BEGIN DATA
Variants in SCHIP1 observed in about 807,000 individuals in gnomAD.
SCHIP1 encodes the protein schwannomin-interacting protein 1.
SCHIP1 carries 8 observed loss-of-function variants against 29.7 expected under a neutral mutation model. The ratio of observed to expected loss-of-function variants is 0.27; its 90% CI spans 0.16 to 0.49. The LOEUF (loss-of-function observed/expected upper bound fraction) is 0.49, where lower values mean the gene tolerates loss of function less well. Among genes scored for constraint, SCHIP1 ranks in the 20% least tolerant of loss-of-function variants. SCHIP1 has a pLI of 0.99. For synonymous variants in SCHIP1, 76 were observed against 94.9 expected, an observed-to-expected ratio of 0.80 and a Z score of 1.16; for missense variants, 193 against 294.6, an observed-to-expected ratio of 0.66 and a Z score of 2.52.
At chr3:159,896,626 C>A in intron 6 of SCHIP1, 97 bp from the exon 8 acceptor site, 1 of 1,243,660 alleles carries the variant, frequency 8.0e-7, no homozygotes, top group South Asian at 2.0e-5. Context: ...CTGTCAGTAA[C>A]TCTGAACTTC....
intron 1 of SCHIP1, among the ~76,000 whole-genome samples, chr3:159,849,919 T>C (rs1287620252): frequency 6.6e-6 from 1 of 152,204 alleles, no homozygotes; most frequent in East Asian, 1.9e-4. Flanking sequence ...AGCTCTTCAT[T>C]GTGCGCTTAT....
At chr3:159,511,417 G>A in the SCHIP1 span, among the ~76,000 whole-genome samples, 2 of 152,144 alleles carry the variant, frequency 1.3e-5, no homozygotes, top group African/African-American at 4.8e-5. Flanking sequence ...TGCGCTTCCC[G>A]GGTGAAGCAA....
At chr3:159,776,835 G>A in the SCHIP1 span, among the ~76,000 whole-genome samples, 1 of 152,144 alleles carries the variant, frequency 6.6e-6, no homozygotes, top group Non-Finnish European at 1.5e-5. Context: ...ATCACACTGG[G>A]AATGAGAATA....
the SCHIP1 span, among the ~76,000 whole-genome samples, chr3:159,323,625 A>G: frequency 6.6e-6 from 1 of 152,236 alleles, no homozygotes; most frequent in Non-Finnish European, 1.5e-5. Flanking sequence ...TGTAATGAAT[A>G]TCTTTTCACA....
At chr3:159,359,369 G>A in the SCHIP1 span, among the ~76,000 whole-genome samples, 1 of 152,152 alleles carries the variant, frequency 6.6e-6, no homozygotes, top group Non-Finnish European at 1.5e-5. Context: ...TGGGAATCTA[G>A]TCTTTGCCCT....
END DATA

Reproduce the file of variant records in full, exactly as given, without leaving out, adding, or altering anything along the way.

Variants in SCHIP1 observed in about 807,000 individuals in gnomAD.
SCHIP1 encodes the protein schwannomin-interacting protein 1.
SCHIP1 carries 8 observed loss-of-function variants against 29.7 expected under a neutral mutation model. The ratio of observed to expected loss-of-function variants is 0.27; its 90% CI spans 0.16 to 0.49. The LOEUF (loss-of-function observed/expected upper bound fraction) is 0.49, where lower values mean the gene tolerates loss of function less well. Among genes scored for constraint, SCHIP1 ranks in the 20% least tolerant of loss-of-function variants. SCHIP1 has a pLI of 0.99. For synonymous variants in SCHIP1, 76 were observed against 94.9 expected, an observed-to-expected ratio of 0.80 and a Z score of 1.16; for missense variants, 193 against 294.6, an observed-to-expected ratio of 0.66 and a Z score of 2.52.
At chr3:159,896,626 C>A in intron 6 of SCHIP1, 97 bp from the exon 8 acceptor site, 1 of 1,243,660 alleles carries the variant, frequency 8.0e-7, no homozygotes, top group South Asian at 2.0e-5. Context: ...CTGTCAGTAA[C>A]TCTGAACTTC....
intron 1 of SCHIP1, among the ~76,000 whole-genome samples, chr3:159,849,919 T>C (rs1287620252): frequency 6.6e-6 from 1 of 152,204 alleles, no homozygotes; most frequent in East Asian, 1.9e-4. Flanking sequence ...AGCTCTTCAT[T>C]GTGCGCTTAT....
At chr3:159,511,417 G>A in the SCHIP1 span, among the ~76,000 whole-genome samples, 2 of 152,144 alleles carry the variant, frequency 1.3e-5, no homozygotes, top group African/African-American at 4.8e-5. Flanking sequence ...TGCGCTTCCC[G>A]GGTGAAGCAA....
At chr3:159,776,835 G>A in the SCHIP1 span, among the ~76,000 whole-genome samples, 1 of 152,144 alleles carries the variant, frequency 6.6e-6, no homozygotes, top group Non-Finnish European at 1.5e-5. Context: ...ATCACACTGG[G>A]AATGAGAATA....
the SCHIP1 span, among the ~76,000 whole-genome samples, chr3:159,323,625 A>G: frequency 6.6e-6 from 1 of 152,236 alleles, no homozygotes; most frequent in Non-Finnish European, 1.5e-5. Flanking sequence ...TGTAATGAAT[A>G]TCTTTTCACA....
At chr3:159,359,369 G>A in the SCHIP1 span, among the ~76,000 whole-genome samples, 1 of 152,152 alleles carries the variant, frequency 6.6e-6, no homozygotes, top group Non-Finnish European at 1.5e-5. Context: ...TGGGAATCTA[G>A]TCTTTGCCCT....